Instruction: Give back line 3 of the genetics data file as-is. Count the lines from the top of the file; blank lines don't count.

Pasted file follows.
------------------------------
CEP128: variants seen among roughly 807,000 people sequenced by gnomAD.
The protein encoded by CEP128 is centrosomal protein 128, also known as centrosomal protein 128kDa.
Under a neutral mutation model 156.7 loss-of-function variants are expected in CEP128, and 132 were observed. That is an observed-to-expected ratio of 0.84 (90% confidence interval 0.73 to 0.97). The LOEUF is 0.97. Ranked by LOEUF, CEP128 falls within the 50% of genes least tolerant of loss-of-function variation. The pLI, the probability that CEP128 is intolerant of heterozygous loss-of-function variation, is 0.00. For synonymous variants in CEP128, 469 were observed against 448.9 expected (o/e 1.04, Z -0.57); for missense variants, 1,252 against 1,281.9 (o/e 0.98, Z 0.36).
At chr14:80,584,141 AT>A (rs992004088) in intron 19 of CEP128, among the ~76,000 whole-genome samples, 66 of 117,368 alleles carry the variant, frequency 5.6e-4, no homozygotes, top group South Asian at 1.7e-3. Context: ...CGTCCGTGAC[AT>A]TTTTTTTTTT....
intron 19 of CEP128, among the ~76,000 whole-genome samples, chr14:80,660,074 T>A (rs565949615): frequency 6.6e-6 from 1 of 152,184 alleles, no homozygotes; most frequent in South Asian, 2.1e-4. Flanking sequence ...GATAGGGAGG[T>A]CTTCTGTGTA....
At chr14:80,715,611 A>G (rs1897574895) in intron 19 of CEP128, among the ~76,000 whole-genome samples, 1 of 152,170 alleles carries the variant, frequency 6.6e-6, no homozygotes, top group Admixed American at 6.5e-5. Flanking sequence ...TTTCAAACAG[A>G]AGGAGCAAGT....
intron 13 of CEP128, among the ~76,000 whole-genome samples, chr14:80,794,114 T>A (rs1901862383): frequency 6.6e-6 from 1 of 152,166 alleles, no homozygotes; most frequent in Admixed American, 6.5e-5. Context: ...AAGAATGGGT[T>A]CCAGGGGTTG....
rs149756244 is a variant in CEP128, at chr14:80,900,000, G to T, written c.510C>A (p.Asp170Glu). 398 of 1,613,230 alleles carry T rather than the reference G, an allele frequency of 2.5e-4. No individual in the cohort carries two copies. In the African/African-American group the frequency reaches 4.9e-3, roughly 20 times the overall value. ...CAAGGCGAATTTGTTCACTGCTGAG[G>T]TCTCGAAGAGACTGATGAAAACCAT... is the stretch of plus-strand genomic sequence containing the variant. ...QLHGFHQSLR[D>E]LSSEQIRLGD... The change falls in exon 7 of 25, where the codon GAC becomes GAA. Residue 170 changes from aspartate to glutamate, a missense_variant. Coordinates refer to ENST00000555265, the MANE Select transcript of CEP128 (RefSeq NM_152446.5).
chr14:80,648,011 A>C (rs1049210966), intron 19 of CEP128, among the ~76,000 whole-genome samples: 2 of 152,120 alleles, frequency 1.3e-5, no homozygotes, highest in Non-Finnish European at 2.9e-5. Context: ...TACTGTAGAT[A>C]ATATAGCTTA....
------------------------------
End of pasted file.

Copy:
Under a neutral mutation model 156.7 loss-of-function variants are expected in CEP128, and 132 were observed. That is an observed-to-expected ratio of 0.84 (90% confidence interval 0.73 to 0.97). The LOEUF is 0.97. Ranked by LOEUF, CEP128 falls within the 50% of genes least tolerant of loss-of-function variation. The pLI, the probability that CEP128 is intolerant of heterozygous loss-of-function variation, is 0.00. For synonymous variants in CEP128, 469 were observed against 448.9 expected (o/e 1.04, Z -0.57); for missense variants, 1,252 against 1,281.9 (o/e 0.98, Z 0.36).